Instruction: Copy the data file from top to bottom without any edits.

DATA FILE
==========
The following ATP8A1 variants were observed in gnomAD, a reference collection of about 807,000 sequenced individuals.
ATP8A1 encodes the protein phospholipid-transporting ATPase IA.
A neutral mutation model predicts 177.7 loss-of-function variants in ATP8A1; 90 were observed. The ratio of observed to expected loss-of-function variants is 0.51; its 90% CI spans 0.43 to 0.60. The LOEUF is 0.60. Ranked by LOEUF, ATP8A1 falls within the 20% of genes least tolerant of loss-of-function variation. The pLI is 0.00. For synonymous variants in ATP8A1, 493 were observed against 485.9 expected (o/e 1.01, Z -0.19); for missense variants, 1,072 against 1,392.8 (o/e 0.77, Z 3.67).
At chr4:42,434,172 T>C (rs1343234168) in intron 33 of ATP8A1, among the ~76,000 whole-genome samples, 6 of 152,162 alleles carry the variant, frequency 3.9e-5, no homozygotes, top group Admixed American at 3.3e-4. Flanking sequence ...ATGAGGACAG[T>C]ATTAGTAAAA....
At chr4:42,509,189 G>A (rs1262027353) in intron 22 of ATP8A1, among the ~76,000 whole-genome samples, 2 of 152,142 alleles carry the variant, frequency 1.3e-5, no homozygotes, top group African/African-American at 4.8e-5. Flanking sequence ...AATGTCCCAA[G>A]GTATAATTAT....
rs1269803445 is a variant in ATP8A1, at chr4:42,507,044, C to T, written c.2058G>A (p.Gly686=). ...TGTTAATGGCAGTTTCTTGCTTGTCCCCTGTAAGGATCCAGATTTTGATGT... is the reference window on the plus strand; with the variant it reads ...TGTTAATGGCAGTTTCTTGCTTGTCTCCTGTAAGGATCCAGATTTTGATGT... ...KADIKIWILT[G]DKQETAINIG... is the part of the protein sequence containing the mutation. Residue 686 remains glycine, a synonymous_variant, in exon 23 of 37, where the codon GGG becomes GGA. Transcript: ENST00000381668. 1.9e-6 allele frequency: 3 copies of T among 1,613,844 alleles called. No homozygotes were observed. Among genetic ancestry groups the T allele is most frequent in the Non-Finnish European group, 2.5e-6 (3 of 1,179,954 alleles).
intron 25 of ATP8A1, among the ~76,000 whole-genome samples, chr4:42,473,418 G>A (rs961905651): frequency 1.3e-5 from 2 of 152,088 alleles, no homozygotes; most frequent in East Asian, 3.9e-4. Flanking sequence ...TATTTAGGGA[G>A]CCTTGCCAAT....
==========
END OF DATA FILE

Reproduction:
The following ATP8A1 variants were observed in gnomAD, a reference collection of about 807,000 sequenced individuals.
ATP8A1 encodes the protein phospholipid-transporting ATPase IA.
A neutral mutation model predicts 177.7 loss-of-function variants in ATP8A1; 90 were observed. The ratio of observed to expected loss-of-function variants is 0.51; its 90% CI spans 0.43 to 0.60. The LOEUF is 0.60. Ranked by LOEUF, ATP8A1 falls within the 20% of genes least tolerant of loss-of-function variation. The pLI is 0.00. For synonymous variants in ATP8A1, 493 were observed against 485.9 expected (o/e 1.01, Z -0.19); for missense variants, 1,072 against 1,392.8 (o/e 0.77, Z 3.67).
At chr4:42,434,172 T>C (rs1343234168) in intron 33 of ATP8A1, among the ~76,000 whole-genome samples, 6 of 152,162 alleles carry the variant, frequency 3.9e-5, no homozygotes, top group Admixed American at 3.3e-4. Flanking sequence ...ATGAGGACAG[T>C]ATTAGTAAAA....
At chr4:42,509,189 G>A (rs1262027353) in intron 22 of ATP8A1, among the ~76,000 whole-genome samples, 2 of 152,142 alleles carry the variant, frequency 1.3e-5, no homozygotes, top group African/African-American at 4.8e-5. Flanking sequence ...AATGTCCCAA[G>A]GTATAATTAT....
rs1269803445 is a variant in ATP8A1, at chr4:42,507,044, C to T, written c.2058G>A (p.Gly686=). ...TGTTAATGGCAGTTTCTTGCTTGTCCCCTGTAAGGATCCAGATTTTGATGT... is the reference window on the plus strand; with the variant it reads ...TGTTAATGGCAGTTTCTTGCTTGTCTCCTGTAAGGATCCAGATTTTGATGT... ...KADIKIWILT[G]DKQETAINIG... is the part of the protein sequence containing the mutation. Residue 686 remains glycine, a synonymous_variant, in exon 23 of 37, where the codon GGG becomes GGA. Transcript: ENST00000381668. 1.9e-6 allele frequency: 3 copies of T among 1,613,844 alleles called. No homozygotes were observed. Among genetic ancestry groups the T allele is most frequent in the Non-Finnish European group, 2.5e-6 (3 of 1,179,954 alleles).
intron 25 of ATP8A1, among the ~76,000 whole-genome samples, chr4:42,473,418 G>A (rs961905651): frequency 1.3e-5 from 2 of 152,088 alleles, no homozygotes; most frequent in East Asian, 3.9e-4. Flanking sequence ...TATTTAGGGA[G>A]CCTTGCCAAT....